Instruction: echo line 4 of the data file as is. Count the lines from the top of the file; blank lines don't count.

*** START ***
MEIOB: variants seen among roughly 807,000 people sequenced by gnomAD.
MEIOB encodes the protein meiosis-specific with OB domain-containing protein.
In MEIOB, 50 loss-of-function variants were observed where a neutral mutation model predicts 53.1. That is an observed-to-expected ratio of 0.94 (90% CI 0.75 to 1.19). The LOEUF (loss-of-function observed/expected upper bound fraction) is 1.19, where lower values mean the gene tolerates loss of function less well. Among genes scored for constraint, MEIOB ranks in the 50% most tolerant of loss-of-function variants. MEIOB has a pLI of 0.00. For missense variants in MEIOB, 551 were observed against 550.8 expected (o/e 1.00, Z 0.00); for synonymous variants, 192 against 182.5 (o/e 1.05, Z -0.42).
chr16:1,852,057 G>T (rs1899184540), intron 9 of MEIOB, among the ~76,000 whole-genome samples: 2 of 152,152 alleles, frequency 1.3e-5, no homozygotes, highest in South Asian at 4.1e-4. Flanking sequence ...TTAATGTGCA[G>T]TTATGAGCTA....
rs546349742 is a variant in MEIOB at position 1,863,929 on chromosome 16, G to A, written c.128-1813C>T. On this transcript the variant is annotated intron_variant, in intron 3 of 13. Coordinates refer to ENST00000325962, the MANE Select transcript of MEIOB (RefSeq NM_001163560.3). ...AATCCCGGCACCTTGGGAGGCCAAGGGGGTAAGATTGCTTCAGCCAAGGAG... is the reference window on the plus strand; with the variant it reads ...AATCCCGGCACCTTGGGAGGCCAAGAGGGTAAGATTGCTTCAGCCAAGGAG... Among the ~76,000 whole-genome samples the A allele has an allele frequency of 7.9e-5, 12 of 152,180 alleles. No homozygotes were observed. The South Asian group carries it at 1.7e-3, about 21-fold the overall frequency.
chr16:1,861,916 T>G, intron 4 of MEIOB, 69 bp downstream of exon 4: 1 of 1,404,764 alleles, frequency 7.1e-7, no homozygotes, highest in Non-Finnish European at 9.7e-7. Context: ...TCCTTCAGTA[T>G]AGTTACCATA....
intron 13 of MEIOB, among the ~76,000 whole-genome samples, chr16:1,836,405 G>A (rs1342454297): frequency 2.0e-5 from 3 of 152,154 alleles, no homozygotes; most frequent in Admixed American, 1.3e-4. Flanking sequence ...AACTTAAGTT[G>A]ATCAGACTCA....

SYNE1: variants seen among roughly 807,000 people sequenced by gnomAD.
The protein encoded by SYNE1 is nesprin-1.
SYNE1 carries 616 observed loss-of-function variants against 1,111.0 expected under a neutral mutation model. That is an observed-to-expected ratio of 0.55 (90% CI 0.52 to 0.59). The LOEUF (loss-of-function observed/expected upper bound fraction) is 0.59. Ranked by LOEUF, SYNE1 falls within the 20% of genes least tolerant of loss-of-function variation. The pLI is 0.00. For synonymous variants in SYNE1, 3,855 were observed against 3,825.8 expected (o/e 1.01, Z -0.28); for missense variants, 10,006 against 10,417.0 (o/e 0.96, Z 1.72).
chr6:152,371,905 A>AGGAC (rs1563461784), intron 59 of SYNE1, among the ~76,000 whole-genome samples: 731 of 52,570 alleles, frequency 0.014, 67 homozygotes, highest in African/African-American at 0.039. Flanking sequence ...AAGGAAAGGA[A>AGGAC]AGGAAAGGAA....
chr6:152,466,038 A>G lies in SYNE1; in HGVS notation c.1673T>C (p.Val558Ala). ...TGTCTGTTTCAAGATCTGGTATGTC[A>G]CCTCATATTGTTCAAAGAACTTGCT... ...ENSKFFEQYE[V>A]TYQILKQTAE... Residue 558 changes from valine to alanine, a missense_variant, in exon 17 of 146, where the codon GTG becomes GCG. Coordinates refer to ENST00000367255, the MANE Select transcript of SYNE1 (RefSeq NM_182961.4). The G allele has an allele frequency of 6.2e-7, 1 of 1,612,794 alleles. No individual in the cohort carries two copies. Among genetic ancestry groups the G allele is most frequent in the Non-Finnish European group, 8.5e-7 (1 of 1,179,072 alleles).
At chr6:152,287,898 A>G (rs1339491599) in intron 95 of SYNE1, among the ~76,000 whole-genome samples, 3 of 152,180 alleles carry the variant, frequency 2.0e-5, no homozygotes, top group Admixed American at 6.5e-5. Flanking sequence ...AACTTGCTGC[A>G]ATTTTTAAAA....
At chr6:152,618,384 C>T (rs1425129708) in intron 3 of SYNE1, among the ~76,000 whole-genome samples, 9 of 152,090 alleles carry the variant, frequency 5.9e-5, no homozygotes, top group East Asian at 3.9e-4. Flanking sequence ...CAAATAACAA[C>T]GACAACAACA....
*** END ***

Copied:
chr16:1,852,057 G>T (rs1899184540), intron 9 of MEIOB, among the ~76,000 whole-genome samples: 2 of 152,152 alleles, frequency 1.3e-5, no homozygotes, highest in South Asian at 4.1e-4. Flanking sequence ...TTAATGTGCA[G>T]TTATGAGCTA....